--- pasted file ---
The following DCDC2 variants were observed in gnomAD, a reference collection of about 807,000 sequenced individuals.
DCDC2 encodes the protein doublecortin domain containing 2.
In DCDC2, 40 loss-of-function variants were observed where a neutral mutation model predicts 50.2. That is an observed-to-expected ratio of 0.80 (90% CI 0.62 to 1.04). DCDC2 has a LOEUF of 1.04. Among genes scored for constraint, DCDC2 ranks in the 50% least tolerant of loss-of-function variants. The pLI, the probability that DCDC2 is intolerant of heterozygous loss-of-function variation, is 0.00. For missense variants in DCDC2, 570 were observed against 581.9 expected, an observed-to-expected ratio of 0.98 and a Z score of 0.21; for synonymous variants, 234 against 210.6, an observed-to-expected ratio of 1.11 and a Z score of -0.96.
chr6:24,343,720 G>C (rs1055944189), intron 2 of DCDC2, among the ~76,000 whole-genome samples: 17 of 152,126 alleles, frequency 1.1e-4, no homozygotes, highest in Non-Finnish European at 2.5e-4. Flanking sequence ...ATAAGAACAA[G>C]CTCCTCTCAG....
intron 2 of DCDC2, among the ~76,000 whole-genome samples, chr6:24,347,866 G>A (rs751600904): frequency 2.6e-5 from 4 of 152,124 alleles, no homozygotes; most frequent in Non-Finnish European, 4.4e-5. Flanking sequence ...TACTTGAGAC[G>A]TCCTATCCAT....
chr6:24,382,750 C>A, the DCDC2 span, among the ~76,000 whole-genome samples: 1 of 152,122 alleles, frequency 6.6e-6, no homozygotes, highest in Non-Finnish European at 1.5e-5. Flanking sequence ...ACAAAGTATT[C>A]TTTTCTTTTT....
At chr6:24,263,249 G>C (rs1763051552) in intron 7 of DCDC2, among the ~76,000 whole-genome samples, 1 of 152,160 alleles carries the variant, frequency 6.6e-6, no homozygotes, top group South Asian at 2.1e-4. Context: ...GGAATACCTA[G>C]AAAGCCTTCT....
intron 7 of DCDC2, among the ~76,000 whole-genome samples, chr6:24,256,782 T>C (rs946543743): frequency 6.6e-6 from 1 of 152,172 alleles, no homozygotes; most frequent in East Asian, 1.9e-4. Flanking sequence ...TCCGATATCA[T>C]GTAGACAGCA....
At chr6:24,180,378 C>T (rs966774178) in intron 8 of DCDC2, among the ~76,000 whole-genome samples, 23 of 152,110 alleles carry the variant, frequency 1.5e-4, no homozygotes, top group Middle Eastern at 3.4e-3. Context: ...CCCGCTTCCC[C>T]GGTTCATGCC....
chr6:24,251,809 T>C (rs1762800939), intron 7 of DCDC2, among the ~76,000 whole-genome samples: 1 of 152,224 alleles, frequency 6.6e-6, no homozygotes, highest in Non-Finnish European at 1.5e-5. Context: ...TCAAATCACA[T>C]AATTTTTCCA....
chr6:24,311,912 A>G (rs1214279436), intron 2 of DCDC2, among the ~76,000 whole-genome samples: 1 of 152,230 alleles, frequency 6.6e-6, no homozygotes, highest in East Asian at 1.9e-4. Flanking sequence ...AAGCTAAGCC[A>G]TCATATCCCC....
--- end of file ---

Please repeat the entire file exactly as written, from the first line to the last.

The following DCDC2 variants were observed in gnomAD, a reference collection of about 807,000 sequenced individuals.
DCDC2 encodes the protein doublecortin domain containing 2.
In DCDC2, 40 loss-of-function variants were observed where a neutral mutation model predicts 50.2. That is an observed-to-expected ratio of 0.80 (90% CI 0.62 to 1.04). DCDC2 has a LOEUF of 1.04. Among genes scored for constraint, DCDC2 ranks in the 50% least tolerant of loss-of-function variants. The pLI, the probability that DCDC2 is intolerant of heterozygous loss-of-function variation, is 0.00. For missense variants in DCDC2, 570 were observed against 581.9 expected, an observed-to-expected ratio of 0.98 and a Z score of 0.21; for synonymous variants, 234 against 210.6, an observed-to-expected ratio of 1.11 and a Z score of -0.96.
chr6:24,343,720 G>C (rs1055944189), intron 2 of DCDC2, among the ~76,000 whole-genome samples: 17 of 152,126 alleles, frequency 1.1e-4, no homozygotes, highest in Non-Finnish European at 2.5e-4. Flanking sequence ...ATAAGAACAA[G>C]CTCCTCTCAG....
intron 2 of DCDC2, among the ~76,000 whole-genome samples, chr6:24,347,866 G>A (rs751600904): frequency 2.6e-5 from 4 of 152,124 alleles, no homozygotes; most frequent in Non-Finnish European, 4.4e-5. Flanking sequence ...TACTTGAGAC[G>A]TCCTATCCAT....
chr6:24,382,750 C>A, the DCDC2 span, among the ~76,000 whole-genome samples: 1 of 152,122 alleles, frequency 6.6e-6, no homozygotes, highest in Non-Finnish European at 1.5e-5. Flanking sequence ...ACAAAGTATT[C>A]TTTTCTTTTT....
At chr6:24,263,249 G>C (rs1763051552) in intron 7 of DCDC2, among the ~76,000 whole-genome samples, 1 of 152,160 alleles carries the variant, frequency 6.6e-6, no homozygotes, top group South Asian at 2.1e-4. Context: ...GGAATACCTA[G>C]AAAGCCTTCT....
intron 7 of DCDC2, among the ~76,000 whole-genome samples, chr6:24,256,782 T>C (rs946543743): frequency 6.6e-6 from 1 of 152,172 alleles, no homozygotes; most frequent in East Asian, 1.9e-4. Flanking sequence ...TCCGATATCA[T>C]GTAGACAGCA....
At chr6:24,180,378 C>T (rs966774178) in intron 8 of DCDC2, among the ~76,000 whole-genome samples, 23 of 152,110 alleles carry the variant, frequency 1.5e-4, no homozygotes, top group Middle Eastern at 3.4e-3. Context: ...CCCGCTTCCC[C>T]GGTTCATGCC....
chr6:24,251,809 T>C (rs1762800939), intron 7 of DCDC2, among the ~76,000 whole-genome samples: 1 of 152,224 alleles, frequency 6.6e-6, no homozygotes, highest in Non-Finnish European at 1.5e-5. Context: ...TCAAATCACA[T>C]AATTTTTCCA....
chr6:24,311,912 A>G (rs1214279436), intron 2 of DCDC2, among the ~76,000 whole-genome samples: 1 of 152,230 alleles, frequency 6.6e-6, no homozygotes, highest in East Asian at 1.9e-4. Flanking sequence ...AAGCTAAGCC[A>G]TCATATCCCC....